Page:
We all create content, and we all have internal or external customers that we want to please. When you are working on a presentation, a spreadsheet, or a proposal, you’ll want to make sure that you are displaying your very best work to your customers. You would be surprised at how some customers can be put off by a misspelled word, a phrase or paragraph that needs to be reworked, or even simply a placeholder graphic.
Just what does ‘client ready’ mean? It means that your work is polished, with your ‘i’s dotted and your ‘t’s crossed. It means writing that has been well thought out, wordsmithed, rewritten, revised, proofed, and prepped for the customer. For video, it means more than an assembly edit. It means that you are sending work that has been edited, colored, sound sweetened, and generally represents your finest work.
Now, that’s not to say that you won’t collaborate with customers. Collaboration is a pillar of productivity; it’s key to achieving the very best results. This means your customer may be reviewing your work in draft form. They may receive an early version of the presentation that you are co-creating. They may need to weigh in on a rough cut and give their feedback before you proceed with the final edit. Following these four best practices will help ensure your customers will be happy with your work.
1. Set expectations.
The most important point here is to make sure that your customer knows where you are in your delivery process. If it’s draft work, be sure to be clear about that in your communications. However, even in draft form, there is no excuse why a draft should have glaring errors or not be ready for the customer to review when you send it to them.
2. Enable version history.
Did you know that there are many features that are included in software today that may save your bacon as you collaborate with others? Statistically speaking—you didn’t. Most users only use about 13% of the functions in their software. So unless you are a power user, you likely weren’t aware of some of the time-saving features you have right within the software you already use.
Take version history, for instance. In software such as Microsoft OneDrive, SharePoint, Word, and OneNote, you are able to turn on versioning and control to what level instances are created. It’s simple, convenient, and may save the day when it comes to needing to revert back to an earlier version of your document to share with your client.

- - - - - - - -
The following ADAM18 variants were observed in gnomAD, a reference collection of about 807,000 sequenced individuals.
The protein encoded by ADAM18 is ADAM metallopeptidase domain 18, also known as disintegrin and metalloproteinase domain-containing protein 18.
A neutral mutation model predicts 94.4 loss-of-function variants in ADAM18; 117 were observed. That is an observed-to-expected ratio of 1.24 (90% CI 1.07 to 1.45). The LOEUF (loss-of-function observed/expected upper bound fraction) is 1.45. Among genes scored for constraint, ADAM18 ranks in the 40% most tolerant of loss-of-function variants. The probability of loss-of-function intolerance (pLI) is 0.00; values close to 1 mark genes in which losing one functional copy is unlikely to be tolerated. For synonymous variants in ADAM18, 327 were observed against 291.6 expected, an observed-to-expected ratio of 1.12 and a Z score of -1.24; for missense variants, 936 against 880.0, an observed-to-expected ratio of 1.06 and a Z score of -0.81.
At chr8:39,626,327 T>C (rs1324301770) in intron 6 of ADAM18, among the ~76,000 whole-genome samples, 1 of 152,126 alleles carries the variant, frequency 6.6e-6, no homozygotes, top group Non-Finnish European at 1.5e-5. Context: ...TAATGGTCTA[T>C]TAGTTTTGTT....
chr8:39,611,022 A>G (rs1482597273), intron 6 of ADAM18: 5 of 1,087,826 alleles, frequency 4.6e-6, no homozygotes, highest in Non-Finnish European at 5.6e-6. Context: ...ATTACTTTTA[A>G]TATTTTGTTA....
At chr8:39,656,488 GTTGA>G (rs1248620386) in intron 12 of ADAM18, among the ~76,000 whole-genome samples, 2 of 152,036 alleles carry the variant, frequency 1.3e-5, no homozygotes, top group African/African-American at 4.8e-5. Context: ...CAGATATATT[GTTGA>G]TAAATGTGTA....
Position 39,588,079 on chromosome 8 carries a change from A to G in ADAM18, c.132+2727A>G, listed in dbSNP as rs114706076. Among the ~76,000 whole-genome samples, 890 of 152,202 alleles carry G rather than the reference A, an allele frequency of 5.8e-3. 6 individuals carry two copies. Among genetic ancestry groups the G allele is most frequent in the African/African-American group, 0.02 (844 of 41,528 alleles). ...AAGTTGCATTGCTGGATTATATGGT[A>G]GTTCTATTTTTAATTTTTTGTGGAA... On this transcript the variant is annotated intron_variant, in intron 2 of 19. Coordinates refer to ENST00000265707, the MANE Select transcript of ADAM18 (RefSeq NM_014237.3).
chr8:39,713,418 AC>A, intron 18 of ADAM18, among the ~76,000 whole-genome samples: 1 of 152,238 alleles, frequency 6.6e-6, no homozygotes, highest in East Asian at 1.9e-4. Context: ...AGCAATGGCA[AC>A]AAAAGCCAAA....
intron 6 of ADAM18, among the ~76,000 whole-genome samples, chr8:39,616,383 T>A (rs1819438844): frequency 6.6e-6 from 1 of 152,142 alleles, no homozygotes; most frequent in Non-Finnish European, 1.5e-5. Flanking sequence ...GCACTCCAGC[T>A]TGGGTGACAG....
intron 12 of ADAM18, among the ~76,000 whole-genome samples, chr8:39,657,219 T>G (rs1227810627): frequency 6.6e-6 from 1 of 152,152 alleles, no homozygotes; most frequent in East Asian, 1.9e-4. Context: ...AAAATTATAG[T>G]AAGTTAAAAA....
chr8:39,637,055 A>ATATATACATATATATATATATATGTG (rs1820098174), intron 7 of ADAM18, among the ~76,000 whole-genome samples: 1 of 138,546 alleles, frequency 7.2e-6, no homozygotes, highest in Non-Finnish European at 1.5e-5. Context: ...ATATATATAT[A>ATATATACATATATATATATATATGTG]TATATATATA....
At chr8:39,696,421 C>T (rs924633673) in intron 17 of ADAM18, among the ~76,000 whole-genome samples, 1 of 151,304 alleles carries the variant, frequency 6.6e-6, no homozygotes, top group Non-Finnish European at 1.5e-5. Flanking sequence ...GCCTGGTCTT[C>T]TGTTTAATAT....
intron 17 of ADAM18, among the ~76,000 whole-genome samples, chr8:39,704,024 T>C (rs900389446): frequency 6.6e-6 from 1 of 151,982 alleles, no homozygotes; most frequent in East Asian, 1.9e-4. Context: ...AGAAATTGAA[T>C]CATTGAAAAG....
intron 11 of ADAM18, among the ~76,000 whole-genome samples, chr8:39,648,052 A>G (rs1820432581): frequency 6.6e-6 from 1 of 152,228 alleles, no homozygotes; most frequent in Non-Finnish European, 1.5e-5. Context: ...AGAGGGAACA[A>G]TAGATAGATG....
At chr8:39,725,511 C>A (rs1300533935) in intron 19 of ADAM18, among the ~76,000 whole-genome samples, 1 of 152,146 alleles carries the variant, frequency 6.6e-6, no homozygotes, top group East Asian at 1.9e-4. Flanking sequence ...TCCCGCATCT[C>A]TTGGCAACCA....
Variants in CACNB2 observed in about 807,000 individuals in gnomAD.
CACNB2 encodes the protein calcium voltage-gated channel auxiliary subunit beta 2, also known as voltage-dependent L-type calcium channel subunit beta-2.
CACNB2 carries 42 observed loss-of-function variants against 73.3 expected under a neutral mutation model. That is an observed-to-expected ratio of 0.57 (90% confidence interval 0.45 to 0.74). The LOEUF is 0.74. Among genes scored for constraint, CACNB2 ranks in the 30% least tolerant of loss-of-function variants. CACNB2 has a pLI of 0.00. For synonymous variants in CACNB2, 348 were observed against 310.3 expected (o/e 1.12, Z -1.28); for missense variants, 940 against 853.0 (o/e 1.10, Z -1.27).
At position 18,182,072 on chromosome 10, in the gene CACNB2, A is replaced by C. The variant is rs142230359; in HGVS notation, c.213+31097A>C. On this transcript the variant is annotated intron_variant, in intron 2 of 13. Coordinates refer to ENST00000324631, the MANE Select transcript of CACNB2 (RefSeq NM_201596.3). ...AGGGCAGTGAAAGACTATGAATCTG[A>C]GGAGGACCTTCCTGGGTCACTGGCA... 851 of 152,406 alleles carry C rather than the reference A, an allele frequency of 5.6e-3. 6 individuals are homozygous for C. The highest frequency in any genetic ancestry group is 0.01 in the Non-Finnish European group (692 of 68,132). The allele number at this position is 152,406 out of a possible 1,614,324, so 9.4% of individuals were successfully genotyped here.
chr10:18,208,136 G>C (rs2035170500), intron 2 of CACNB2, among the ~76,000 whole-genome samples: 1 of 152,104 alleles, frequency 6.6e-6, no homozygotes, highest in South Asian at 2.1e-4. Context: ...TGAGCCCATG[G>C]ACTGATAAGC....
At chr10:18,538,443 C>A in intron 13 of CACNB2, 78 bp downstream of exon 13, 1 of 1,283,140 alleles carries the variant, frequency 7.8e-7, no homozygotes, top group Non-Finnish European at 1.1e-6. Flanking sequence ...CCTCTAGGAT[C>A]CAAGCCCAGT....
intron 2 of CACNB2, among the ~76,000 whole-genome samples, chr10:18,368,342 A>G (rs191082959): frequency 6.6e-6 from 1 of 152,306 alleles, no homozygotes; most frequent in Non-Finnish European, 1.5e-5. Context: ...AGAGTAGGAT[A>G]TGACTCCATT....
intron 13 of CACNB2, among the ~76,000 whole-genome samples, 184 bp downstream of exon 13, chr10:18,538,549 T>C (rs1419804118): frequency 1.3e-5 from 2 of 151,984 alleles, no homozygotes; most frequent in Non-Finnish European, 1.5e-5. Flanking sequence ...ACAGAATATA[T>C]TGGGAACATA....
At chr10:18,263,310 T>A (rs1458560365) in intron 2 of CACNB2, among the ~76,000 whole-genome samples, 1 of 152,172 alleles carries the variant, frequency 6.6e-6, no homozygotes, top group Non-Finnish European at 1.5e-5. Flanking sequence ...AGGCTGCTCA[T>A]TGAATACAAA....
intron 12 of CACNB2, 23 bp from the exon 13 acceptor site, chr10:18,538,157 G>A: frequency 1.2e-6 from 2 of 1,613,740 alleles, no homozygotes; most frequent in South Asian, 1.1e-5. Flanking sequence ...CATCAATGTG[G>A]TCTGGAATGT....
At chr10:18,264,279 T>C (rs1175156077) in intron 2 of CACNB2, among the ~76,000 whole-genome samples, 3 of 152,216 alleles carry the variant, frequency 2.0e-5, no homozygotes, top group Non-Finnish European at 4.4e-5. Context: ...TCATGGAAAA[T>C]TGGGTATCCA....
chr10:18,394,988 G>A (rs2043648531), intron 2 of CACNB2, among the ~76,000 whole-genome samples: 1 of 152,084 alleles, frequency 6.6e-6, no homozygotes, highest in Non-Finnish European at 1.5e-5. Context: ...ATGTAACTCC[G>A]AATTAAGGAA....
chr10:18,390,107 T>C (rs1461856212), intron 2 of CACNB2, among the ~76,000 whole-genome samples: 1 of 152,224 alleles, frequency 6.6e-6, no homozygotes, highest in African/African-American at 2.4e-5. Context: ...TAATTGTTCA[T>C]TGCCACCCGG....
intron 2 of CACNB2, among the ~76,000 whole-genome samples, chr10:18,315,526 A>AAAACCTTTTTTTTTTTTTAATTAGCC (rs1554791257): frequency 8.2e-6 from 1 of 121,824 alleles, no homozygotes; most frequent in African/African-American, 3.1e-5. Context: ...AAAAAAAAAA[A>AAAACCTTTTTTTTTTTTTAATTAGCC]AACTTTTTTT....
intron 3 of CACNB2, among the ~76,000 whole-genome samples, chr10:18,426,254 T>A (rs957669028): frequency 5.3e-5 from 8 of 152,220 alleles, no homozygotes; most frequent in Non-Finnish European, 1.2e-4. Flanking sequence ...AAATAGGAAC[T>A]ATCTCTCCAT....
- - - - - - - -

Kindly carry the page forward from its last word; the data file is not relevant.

3. Create approval workflows.
Approval workflows are another pro tip that you won’t want to overlook. In SharePoint, it’s quick and easy to create an approval workflow for draft versions or published versions of your document that will notify the next person in line that there is a pending approval.
Suppose you are in charge of writing the sales proposal for that big deal coming up. You might consider kicking off a workflow that notifies the sales manager as soon as you have a publish-ready version so that you do not lose any time on the deal. Perhaps it’s a pricing manager’s approval you are waiting on. Approval workflows would be a perfect solution in this scenario as well.
4. Use document protection
And let’s not forget about the document after it has been completed and sent on to your customer. There is a very good chance that you’ll need that document again in the future, either to follow up with your customer or to give a framework for a new document. You’ll want to keep a good, clean version.
Document protection was designed to help out after the approval process has taken place. For example, once you have completed work on a document, you can mark it as ‘final’ in the backstage view of Microsoft Office 2016. This is a great way to ensure that you are keeping track of the very latest version of your document, and it is a great way to mark it for your entire team.
With all of the many ways that today’s software makes work easier, let’s take an extra moment to learn what is available and then make sure that our documents and files are client ready.